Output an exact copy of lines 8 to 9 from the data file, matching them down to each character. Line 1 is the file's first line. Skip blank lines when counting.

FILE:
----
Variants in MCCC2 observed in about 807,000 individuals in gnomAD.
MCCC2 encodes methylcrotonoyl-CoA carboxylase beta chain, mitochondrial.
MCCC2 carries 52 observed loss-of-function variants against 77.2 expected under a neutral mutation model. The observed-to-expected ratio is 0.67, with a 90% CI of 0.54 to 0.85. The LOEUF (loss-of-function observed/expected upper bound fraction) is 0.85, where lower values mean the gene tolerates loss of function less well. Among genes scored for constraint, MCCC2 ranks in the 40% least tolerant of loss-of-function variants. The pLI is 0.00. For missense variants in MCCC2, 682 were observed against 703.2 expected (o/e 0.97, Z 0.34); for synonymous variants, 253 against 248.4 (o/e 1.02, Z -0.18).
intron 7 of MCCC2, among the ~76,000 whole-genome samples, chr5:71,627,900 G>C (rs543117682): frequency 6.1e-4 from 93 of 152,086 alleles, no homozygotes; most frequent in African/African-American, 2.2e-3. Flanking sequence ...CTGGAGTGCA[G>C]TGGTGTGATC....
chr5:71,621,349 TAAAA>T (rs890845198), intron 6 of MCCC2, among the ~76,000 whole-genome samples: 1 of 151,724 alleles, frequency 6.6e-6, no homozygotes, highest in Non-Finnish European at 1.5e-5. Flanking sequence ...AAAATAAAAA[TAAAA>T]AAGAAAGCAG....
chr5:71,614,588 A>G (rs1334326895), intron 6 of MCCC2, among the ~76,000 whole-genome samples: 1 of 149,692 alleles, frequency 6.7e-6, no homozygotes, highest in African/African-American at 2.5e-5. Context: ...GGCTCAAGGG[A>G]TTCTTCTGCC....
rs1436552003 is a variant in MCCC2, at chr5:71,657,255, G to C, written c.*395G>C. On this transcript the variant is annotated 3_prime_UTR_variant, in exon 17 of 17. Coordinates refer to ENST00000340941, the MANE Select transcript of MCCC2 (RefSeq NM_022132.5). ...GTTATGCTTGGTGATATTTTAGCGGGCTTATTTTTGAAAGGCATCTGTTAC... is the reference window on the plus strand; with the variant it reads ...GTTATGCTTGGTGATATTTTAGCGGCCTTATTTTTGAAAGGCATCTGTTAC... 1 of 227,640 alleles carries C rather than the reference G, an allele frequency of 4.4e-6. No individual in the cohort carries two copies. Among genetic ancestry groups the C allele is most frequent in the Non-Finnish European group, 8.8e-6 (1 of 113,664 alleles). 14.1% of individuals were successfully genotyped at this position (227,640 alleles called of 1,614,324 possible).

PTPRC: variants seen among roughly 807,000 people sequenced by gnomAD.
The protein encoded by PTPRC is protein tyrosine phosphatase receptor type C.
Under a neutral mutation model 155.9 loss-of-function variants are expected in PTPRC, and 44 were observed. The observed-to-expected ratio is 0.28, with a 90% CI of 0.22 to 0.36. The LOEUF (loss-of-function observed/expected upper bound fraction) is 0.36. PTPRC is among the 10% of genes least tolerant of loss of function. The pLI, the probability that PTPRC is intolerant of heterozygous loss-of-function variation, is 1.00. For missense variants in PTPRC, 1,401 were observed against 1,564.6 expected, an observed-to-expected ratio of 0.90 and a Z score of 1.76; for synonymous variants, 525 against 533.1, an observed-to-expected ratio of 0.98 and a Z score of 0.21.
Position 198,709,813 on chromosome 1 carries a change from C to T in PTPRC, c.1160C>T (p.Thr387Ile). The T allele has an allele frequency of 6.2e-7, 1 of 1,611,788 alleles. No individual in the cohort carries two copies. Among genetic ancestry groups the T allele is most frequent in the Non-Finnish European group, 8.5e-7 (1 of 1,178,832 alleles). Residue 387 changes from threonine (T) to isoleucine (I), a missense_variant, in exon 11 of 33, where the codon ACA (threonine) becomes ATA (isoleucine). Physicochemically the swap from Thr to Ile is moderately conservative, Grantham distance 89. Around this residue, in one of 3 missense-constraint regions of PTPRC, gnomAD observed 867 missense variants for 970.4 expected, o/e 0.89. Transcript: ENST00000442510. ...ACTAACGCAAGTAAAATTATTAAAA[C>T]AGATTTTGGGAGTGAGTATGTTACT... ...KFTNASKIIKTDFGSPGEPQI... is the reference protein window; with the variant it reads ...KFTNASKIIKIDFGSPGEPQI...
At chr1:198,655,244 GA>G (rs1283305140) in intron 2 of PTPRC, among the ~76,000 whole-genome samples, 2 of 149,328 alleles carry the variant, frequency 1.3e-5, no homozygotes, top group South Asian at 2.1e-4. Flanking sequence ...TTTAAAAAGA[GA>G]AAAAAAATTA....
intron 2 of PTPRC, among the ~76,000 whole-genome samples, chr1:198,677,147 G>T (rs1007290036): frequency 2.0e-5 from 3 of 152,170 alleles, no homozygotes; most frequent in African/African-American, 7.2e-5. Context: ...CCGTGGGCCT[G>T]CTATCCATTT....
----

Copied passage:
PTPRC: variants seen among roughly 807,000 people sequenced by gnomAD.
The protein encoded by PTPRC is protein tyrosine phosphatase receptor type C.